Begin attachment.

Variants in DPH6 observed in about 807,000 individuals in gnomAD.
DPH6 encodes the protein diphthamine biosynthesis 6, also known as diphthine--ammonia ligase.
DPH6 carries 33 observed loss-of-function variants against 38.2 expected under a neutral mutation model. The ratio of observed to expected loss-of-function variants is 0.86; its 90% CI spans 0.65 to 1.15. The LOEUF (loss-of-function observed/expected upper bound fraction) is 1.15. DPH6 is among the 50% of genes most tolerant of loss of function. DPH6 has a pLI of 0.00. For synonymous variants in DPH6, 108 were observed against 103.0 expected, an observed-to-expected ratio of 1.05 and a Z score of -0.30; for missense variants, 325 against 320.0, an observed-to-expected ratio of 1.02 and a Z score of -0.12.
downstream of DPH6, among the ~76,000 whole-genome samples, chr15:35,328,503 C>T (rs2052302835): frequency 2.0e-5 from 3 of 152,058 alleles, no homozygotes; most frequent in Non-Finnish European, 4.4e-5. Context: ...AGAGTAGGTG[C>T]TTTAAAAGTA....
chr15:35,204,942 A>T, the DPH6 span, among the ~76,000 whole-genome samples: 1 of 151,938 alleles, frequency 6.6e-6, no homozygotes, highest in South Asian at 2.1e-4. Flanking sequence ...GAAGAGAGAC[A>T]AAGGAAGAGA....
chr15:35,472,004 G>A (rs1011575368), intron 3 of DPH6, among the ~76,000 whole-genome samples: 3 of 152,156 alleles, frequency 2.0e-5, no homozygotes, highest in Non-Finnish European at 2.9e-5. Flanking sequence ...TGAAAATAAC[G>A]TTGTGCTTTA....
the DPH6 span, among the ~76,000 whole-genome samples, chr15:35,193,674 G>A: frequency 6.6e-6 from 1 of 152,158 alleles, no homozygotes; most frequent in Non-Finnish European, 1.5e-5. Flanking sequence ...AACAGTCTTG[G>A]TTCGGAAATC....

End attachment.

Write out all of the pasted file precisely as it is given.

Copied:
Variants in DPH6 observed in about 807,000 individuals in gnomAD.
DPH6 encodes the protein diphthamine biosynthesis 6, also known as diphthine--ammonia ligase.
DPH6 carries 33 observed loss-of-function variants against 38.2 expected under a neutral mutation model. The ratio of observed to expected loss-of-function variants is 0.86; its 90% CI spans 0.65 to 1.15. The LOEUF (loss-of-function observed/expected upper bound fraction) is 1.15. DPH6 is among the 50% of genes most tolerant of loss of function. DPH6 has a pLI of 0.00. For synonymous variants in DPH6, 108 were observed against 103.0 expected, an observed-to-expected ratio of 1.05 and a Z score of -0.30; for missense variants, 325 against 320.0, an observed-to-expected ratio of 1.02 and a Z score of -0.12.
downstream of DPH6, among the ~76,000 whole-genome samples, chr15:35,328,503 C>T (rs2052302835): frequency 2.0e-5 from 3 of 152,058 alleles, no homozygotes; most frequent in Non-Finnish European, 4.4e-5. Context: ...AGAGTAGGTG[C>T]TTTAAAAGTA....
chr15:35,204,942 A>T, the DPH6 span, among the ~76,000 whole-genome samples: 1 of 151,938 alleles, frequency 6.6e-6, no homozygotes, highest in South Asian at 2.1e-4. Flanking sequence ...GAAGAGAGAC[A>T]AAGGAAGAGA....
chr15:35,472,004 G>A (rs1011575368), intron 3 of DPH6, among the ~76,000 whole-genome samples: 3 of 152,156 alleles, frequency 2.0e-5, no homozygotes, highest in Non-Finnish European at 2.9e-5. Flanking sequence ...TGAAAATAAC[G>A]TTGTGCTTTA....
the DPH6 span, among the ~76,000 whole-genome samples, chr15:35,193,674 G>A: frequency 6.6e-6 from 1 of 152,158 alleles, no homozygotes; most frequent in Non-Finnish European, 1.5e-5. Flanking sequence ...AACAGTCTTG[G>A]TTCGGAAATC....